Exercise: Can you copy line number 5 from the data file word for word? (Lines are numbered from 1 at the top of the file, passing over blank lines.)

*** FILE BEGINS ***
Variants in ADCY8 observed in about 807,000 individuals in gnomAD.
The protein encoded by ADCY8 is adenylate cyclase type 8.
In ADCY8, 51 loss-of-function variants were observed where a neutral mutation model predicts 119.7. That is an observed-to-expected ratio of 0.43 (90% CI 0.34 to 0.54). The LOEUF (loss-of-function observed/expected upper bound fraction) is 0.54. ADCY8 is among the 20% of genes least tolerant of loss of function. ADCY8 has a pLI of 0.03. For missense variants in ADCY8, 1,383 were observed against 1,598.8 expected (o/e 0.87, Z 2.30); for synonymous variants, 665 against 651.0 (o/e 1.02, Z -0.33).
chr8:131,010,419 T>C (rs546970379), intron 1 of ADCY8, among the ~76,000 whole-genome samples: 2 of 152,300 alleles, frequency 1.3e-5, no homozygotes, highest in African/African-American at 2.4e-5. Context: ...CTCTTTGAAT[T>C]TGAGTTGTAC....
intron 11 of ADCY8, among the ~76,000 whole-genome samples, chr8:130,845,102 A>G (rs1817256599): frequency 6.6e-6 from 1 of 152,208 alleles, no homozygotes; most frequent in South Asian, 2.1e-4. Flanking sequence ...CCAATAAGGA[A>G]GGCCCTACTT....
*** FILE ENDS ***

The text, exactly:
intron 11 of ADCY8, among the ~76,000 whole-genome samples, chr8:130,845,102 A>G (rs1817256599): frequency 6.6e-6 from 1 of 152,208 alleles, no homozygotes; most frequent in South Asian, 2.1e-4. Flanking sequence ...CCAATAAGGA[A>G]GGCCCTACTT....